I was interested to know what would happen and had no idea that it was going to have the twists and turns it did, but the ending of this one was a disappointment to me.  In my opinion the final ten pages or so were just a stretch too far, unfortunately, and tried to cram too much in.  It was as though the slow build up came to a sudden end, like the author was trying to wrap up the book to meet a deadline or fit into a certain number of words.

That said, I can see why Anne Perry has a large fan base, her writing was easy to read and her characters strong and vivid.  Fans of the Victorian crime and mystery genre may well enjoy this book.

Finally, whilst it is a festive read according to the title, I would have preferred a stronger Christmassy vibe-especially as it was earmarked as my first Advent-ures in Fiction book for the year!

A New York Christmas is out now, published by Headline.

With thanks to the publisher for providing me with a copy of this book in return for an honest review.

Tuesday, 25 November 2014

Tip Top Teen Reads- Ten Things we Shouldn't Have Done and Geek Girl



 
Ten Things We Shouldn't Have Done- Sarah Mlynowski

The Blurb
I was about to live a sixteen-year-old's dream.
House on the beach.
No parents.
Parties whenever we wanted.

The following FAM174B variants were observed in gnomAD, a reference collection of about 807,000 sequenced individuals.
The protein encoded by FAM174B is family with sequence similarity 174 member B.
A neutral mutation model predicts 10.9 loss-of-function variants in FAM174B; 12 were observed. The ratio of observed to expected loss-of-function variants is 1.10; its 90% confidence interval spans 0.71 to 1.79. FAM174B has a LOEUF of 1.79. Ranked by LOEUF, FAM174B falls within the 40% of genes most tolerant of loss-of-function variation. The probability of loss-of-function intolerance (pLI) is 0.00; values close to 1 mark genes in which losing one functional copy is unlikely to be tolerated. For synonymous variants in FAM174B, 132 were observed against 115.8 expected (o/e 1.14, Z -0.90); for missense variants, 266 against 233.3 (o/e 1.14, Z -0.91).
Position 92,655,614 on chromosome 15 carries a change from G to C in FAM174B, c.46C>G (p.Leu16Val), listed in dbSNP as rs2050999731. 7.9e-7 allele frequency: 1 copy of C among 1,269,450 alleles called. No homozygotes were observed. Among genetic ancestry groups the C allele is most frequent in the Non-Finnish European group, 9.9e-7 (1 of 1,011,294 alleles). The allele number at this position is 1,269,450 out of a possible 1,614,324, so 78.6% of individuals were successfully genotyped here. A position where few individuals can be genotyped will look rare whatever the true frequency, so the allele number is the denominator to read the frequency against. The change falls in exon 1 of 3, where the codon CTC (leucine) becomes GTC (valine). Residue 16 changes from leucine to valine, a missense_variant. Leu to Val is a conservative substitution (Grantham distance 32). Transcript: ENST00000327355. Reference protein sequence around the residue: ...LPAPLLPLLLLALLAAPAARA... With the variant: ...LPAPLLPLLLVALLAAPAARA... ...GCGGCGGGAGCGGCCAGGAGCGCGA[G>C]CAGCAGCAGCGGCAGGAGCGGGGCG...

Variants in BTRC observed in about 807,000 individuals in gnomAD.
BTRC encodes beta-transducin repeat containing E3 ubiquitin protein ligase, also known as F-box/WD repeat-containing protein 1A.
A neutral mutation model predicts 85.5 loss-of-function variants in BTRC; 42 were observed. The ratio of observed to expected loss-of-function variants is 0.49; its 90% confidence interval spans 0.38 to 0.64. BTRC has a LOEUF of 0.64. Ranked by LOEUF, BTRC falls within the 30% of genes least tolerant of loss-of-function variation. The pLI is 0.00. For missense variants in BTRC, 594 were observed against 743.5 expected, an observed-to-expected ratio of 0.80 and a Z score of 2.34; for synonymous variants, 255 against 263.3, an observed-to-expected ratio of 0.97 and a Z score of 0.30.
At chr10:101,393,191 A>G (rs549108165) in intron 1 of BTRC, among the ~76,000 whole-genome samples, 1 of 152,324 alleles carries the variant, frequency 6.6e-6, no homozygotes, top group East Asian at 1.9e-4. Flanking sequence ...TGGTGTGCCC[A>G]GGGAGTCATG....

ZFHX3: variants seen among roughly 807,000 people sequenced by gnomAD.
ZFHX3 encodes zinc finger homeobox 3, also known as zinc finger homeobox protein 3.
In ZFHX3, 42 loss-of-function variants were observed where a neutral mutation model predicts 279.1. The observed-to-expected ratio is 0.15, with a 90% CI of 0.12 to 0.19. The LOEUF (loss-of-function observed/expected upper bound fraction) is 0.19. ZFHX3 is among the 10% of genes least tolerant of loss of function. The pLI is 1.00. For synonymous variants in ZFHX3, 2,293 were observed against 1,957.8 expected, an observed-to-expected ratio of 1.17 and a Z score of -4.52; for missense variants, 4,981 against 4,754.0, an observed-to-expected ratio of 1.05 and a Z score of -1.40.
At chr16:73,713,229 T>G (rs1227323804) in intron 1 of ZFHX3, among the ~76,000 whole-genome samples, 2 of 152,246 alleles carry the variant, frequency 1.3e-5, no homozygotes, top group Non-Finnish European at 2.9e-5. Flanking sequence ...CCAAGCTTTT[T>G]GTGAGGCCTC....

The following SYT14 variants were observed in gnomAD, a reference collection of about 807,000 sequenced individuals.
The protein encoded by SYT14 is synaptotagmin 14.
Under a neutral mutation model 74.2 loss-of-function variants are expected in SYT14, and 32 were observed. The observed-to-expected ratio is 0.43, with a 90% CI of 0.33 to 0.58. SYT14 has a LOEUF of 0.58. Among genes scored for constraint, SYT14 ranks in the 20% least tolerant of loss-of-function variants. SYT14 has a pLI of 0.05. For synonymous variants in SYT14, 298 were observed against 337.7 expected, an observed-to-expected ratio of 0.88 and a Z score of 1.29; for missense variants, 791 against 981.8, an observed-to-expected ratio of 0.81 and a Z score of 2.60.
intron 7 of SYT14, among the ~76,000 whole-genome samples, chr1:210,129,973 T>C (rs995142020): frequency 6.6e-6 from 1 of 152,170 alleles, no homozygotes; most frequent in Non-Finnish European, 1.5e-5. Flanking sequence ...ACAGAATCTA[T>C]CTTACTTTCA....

Boys wherever we wanted.

April and her best friend, Vi, are living by themselves. Of course, April's parents don't know that. They think she's living with Vi and Vi's mum. But it's not April's fault that her dad decided to move away in the middle of high school. So who could blame her for a little white lie? Or the other nine things that April (probably) shouldn't have done that year...

The Review
I saw this book in Waterstone's and was immediately drawn in by the eye catching cover- simple, yet bold.  And when I read the blurb, I knew this would be a book I'd enjoy.

There is typical teen melodrama when April realises her family doesn't revolve just around her, and after a few well-told untruths she moves in with her best friend Vi.  They end up in a lot of scrapes- a hot tub, the obligatory teen parties, gaining a kitten being just some- and April realises that life as a grown up is not always all it's cracked up to be.  Throw in some boys just to make things that bit more messy and voila!  You'vre got Ten Things we Shouldn't Have Done.

This is a fun book with some serious messages, and reading it has definitely made me keen to seek out more by this author.  It's a YA book with enough bite for the haters who say 'but they're for teenagers!' when I tell them I'm reading this genre, and it is chock full of action and drama.  I read it over two days and loved every second of it.

The perfect read to drag me out of my reading slump- thanks Ms Mlynowski!